N.J. university steps in to save Bloomfield College from shutting down

Published: Mar. 23, 2022

Five months after announcing it was in deep financial trouble, Bloomfield College has found the savior it was hoping for to help keep one of New Jersey’s oldest campuses from shutting down.

Montclair State University, a public university just a 10 minute drive away, will step in to loan Bloomfield College the money it needs to stay open for the 2022-2023 academic year while the two schools work out a permanent partnership, campus officials announced Wednesday.

The highly-unusual affiliation between a private college and a public university was authorized with a vote by Montclair State’s Board of Trustees in an early-morning meeting. Bloomfield College will get to keep its name and mission under the deal, officials said.

Gov. Phil Murphy’s state budget proposal will also include $5 million in taxpayer money to help offset any funds Montclair State will need to pay to keep Bloomfield College afloat, university officials said.

“The missions of both institutions are closely aligned,” said Montclair State University President Jonathan G.S. Koppell. “We are both committed to providing access to high-quality educational experiences to students who are often marginalized. So this response to financial adversity is borne of the conviction that together, we can make an even greater impact on the communities we serve.”

The announcement comes as a relief to students, professors and staff at Bloomfield College, which had announced in October this might be the last school year at the 153-year-old private college. The college had been in the red for years as declining enrollment, increasing expenses and the financial toll of the pandemic put it in a financial crisis.

Bloomfield College President Marcheta Evans shocked many in the higher education community last fall when she went public with the institution’s financial problems and said the campus would not reopen for the 2022-2023 school year unless it found another college or philanthropic group to save it.

Campus officials were hoping that Bloomfield’s unique feature — as New Jersey’s only four-year private college that serves predominantly Black and Hispanic students — would inspire someone to step in.

Montclair State, located about 7 miles from Bloomfield College’s campus in Essex County, saw the value in a partnership, Koppell said.

“This is what it means to be New Jersey’s premier public service university: turning challenge into opportunity through collaboration and innovation. I look forward to working closely with President Evans to craft a strategic relationship that could serve as a national model of innovation,” Koppell said.

Bloomfield College’s president said she is grateful for Montclair State’s help. The private college had been signing non-disclosure agreements to secretly meet with other schools and institutions for months to see if they could strike a deal, officials said.

“Montclair officials, including President Koppell, toured the Bloomfield campus several times and were impressed by our students, faculty and staff as well as by our programs and facilities. Most importantly, Montclair shares our commitment to students from historically underserved populations that is our core mission,” Evans said.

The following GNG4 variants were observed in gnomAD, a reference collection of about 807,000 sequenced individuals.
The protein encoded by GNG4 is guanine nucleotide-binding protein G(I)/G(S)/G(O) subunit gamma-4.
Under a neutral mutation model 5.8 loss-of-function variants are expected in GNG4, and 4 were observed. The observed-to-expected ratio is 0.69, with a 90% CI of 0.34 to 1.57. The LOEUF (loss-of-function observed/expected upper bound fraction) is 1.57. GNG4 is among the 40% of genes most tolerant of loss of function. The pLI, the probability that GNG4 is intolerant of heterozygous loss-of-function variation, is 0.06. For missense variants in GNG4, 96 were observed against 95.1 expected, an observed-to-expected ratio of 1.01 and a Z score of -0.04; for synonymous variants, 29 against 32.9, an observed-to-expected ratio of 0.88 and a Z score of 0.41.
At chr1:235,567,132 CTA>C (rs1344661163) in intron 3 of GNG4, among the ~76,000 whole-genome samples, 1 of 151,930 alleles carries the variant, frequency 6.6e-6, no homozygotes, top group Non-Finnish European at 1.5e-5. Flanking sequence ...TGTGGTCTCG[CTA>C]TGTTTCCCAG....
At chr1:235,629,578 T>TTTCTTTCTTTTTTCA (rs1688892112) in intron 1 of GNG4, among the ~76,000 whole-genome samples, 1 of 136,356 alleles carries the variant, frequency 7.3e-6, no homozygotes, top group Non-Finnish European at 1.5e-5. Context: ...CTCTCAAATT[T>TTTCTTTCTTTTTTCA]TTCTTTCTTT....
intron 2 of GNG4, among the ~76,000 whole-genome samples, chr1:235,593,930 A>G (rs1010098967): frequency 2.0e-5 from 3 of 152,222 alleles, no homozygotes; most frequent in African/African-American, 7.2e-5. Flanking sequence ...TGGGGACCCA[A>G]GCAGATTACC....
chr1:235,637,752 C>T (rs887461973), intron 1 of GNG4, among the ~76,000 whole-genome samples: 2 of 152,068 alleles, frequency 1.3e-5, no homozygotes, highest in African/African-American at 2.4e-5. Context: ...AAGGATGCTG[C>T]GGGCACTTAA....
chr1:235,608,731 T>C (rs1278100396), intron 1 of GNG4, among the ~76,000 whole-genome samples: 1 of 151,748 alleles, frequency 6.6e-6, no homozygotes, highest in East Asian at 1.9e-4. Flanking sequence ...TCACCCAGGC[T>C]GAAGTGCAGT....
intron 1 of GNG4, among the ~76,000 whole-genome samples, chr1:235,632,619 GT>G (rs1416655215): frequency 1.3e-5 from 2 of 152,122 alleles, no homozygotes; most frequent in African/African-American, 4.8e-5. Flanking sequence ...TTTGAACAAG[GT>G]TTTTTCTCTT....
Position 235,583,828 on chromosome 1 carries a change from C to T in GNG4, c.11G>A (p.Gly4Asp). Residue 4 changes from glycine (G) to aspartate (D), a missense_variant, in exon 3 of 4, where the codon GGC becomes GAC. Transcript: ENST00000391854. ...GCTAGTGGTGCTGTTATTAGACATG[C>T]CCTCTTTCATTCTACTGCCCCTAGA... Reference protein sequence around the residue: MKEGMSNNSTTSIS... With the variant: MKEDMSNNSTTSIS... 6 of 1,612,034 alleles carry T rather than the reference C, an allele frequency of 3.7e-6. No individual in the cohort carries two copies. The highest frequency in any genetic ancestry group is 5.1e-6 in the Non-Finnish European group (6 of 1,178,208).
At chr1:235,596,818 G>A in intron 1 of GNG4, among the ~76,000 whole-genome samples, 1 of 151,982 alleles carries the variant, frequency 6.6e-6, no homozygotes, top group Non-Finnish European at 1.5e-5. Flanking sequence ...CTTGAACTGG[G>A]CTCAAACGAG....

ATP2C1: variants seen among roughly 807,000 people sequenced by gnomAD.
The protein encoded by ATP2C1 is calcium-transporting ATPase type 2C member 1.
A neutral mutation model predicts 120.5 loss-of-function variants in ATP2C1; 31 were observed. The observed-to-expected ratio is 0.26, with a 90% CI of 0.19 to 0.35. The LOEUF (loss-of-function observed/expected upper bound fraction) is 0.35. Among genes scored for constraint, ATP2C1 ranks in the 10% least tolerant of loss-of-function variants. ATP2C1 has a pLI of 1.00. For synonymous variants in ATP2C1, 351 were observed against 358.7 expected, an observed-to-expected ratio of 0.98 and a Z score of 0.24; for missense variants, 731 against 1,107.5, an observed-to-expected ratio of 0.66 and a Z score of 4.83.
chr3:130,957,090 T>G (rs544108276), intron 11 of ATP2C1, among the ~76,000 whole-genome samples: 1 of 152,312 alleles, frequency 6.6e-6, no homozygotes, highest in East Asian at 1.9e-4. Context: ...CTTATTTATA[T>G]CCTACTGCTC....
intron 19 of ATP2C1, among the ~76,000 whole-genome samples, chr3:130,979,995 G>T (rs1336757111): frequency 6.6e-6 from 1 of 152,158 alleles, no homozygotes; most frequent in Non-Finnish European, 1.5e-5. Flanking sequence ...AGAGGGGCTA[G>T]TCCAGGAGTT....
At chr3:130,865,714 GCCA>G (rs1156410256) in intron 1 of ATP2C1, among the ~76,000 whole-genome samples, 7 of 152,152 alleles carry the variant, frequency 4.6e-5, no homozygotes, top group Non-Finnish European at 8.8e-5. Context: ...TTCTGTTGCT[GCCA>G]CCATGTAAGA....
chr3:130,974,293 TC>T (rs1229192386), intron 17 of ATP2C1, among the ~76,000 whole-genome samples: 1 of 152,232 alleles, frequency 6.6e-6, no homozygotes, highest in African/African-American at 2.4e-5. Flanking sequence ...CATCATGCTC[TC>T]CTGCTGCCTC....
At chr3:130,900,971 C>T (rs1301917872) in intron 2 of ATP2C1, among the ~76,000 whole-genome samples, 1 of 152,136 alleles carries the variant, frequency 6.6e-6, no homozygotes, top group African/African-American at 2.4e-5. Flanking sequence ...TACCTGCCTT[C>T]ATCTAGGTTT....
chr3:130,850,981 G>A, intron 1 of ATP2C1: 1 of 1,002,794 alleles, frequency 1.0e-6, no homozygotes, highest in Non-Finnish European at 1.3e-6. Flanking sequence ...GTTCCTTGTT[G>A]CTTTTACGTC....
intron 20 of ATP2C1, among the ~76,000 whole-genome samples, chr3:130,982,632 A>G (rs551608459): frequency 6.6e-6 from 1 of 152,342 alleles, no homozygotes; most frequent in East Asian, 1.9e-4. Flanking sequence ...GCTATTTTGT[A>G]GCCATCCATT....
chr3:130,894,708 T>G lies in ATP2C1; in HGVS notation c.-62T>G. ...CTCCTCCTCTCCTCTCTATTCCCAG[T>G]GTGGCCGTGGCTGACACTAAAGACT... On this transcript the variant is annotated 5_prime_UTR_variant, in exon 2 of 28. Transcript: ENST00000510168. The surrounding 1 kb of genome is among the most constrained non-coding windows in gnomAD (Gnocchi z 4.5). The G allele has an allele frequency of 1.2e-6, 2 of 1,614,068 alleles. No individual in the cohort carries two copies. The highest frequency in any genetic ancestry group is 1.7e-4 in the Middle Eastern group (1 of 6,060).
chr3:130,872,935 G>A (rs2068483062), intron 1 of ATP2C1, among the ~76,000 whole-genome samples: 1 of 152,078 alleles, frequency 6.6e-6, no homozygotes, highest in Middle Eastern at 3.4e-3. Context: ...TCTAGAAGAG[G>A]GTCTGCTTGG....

Bloomfield College, which enrolled 1,533 students last year, primarily serves low-income, minority and first-generation college students. It is among a growing number of small and mid-sized private colleges that have been struggling to stay afloat in recent years.

In New Jersey, Centenary University in Hackettstown, Drew University in Madison and Rider University in Lawrenceville are among the private colleges that have publicly discussed their ongoing financial problems. But Bloomfield is the only school that has put out a national call for someone to rescue them from a financial death spiral.

The presidents of Montclair State and Bloomfield College quietly signed a non-binding letter of intent in December to pursue a merger or affiliation, officials said.

Montclair State’s board voted Wednesday to authorize the university’s president, treasurer and interim vice president for finance to finalize a deal to give Bloomfield College any money it needs to stay open for the 2022-2023 academic year. Any loans made under the agreement will be secured by a lien on real estate owned Bloomfield College.

Bloomfield College’s board has also voted to authorize its president and interim vice president of finance and administration to sign a financial agreement, school officials said.

It is unclear what a more permanent partnership between Bloomfield College and Montclair State might look like in the future or how it will affect the students on the two campuses, located just miles apart.

But for now, Bloomfield College is safe, said Francis Cuss, chair of Montclair State’s board.

“We are committed to working together to build a relationship that would advance the missions of both institutions and create opportunities for the students and communities that we serve,” Cuss said.

“The funding agreement the trustees approved today will be a line of credit that the college can draw upon, should it be necessary, while the details of a permanent relationship are explored,” he added.

Do you like this post?

Showing 1 reaction

published this page in News and Politics 2022-03-24 03:12:52 -0700